Neighbourhood Watch Strategy
Much of the start of the week was taken up with final preparations for the Neighbourhood Watch strategy – which combined with an unsettled baby – managed to dominate much of the bank-holiday weekend. I’m rather proud of Neighbourhood Watch in Wandsworth, which has been a key partner in making Wandsworth inner London’s safest borough. The new strategy will be launched next week, and enhances the role of Neighbourhood Watch as well as, for the first time, setting out what Watches, the council, police and other partners can expect from each other to help make Wandsworth even safer.
Meeting with Wandsworth Chamber of Commerce
Along with the Leader of the Council I regularly meet with the Wandsworth Chamber of Commerce to chat about issues in the borough. Perhaps unsurprisingly the biggest topic of discussion was the recession. I have tended towards the bearish when discussing the recession – thinking it will be long and hard. However, a lot of the anecdotal evidence I’ve heard suggests the recession is focussed on the retail sector and while property and construction are showing signs of recovery the retail sector is going to be struggling for some time to come. What was pleasing, however, is that Wandsworth’s businesses still seem fairly optimistic about the future.
CompeteFor London 2012 event
On Thursday I attended and said a few words at a CompeteFor event in Wandsworth. Almost as evidence of business confidence in Wandsworth around 150 businesses attended the event in Wandsworth Town Hall to hear how they could bid for work associated with the 2012 Olympics. When you often assume businesses are struggling to think what they will be doing for the next three months, it was great to see businesses keen to bid for work for the next three years and beyond. If you are a business interested in bidding for Olympic related work then you should visit the official Olympic site at london2012.com/business and CompeteFor.com which is handling the online bidding process.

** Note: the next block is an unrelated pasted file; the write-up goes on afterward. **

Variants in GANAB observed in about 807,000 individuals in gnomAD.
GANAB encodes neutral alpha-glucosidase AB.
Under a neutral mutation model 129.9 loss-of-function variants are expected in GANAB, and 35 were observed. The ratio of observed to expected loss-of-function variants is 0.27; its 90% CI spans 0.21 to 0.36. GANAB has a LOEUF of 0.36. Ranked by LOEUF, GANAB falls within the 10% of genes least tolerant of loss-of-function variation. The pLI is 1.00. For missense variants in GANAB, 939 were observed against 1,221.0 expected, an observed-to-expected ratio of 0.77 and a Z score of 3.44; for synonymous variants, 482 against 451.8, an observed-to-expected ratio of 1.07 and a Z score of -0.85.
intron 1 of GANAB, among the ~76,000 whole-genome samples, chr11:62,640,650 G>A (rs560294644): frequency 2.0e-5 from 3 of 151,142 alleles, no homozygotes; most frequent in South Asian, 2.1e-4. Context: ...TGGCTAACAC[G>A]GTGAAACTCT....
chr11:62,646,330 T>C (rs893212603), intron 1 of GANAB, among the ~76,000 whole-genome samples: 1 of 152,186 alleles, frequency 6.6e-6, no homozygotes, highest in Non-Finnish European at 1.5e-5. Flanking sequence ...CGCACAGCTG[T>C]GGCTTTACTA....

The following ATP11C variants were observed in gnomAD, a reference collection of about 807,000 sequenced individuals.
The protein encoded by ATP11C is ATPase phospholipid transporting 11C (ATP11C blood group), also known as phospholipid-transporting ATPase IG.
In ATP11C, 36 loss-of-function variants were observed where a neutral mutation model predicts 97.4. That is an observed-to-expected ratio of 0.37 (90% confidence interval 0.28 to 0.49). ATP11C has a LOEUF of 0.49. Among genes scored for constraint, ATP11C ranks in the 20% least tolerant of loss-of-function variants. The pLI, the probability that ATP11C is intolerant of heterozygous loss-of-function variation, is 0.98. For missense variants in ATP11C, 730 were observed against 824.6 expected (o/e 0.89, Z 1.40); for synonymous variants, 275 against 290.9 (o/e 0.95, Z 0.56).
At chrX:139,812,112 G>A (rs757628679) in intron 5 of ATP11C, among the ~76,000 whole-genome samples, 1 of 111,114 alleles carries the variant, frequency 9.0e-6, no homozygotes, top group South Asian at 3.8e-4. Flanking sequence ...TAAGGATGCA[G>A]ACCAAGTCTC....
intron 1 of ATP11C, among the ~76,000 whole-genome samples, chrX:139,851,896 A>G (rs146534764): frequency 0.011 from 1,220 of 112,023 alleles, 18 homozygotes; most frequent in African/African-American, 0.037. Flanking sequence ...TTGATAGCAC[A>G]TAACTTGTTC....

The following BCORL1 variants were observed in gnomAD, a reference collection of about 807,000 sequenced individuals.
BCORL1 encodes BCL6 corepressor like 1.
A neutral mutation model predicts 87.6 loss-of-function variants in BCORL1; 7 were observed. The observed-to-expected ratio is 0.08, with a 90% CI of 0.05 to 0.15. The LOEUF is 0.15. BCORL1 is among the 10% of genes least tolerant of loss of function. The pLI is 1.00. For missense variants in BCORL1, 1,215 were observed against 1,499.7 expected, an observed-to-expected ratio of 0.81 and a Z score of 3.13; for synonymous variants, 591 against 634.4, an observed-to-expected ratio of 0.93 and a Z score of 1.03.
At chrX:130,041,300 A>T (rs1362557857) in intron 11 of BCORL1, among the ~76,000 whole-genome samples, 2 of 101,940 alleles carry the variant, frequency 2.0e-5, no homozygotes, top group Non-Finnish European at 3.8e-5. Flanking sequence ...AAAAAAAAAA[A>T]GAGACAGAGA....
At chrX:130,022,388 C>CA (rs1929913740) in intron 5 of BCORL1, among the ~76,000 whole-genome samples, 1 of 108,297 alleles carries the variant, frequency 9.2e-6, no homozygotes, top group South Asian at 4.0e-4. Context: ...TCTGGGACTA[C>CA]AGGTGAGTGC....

One of the drawbacks of starting these reports now is that the council tends slow during summer, while we don’t have a ‘recess’ as such there a few formal meetings over summer. In addition, the council enters a purdah during election campaigns which means many meetings and events have to be cancelled. And, of course, that gap gets filled by campaigning by those of us unfortunate enough to be political animals. When I’ve not been at the town hall this week I’ve been on the doorstep (maybe even your’s). It has been an interesting campaign, perhaps for the wrong reasons with the expenses scandal. I hope to find time to post some reflections on it next week.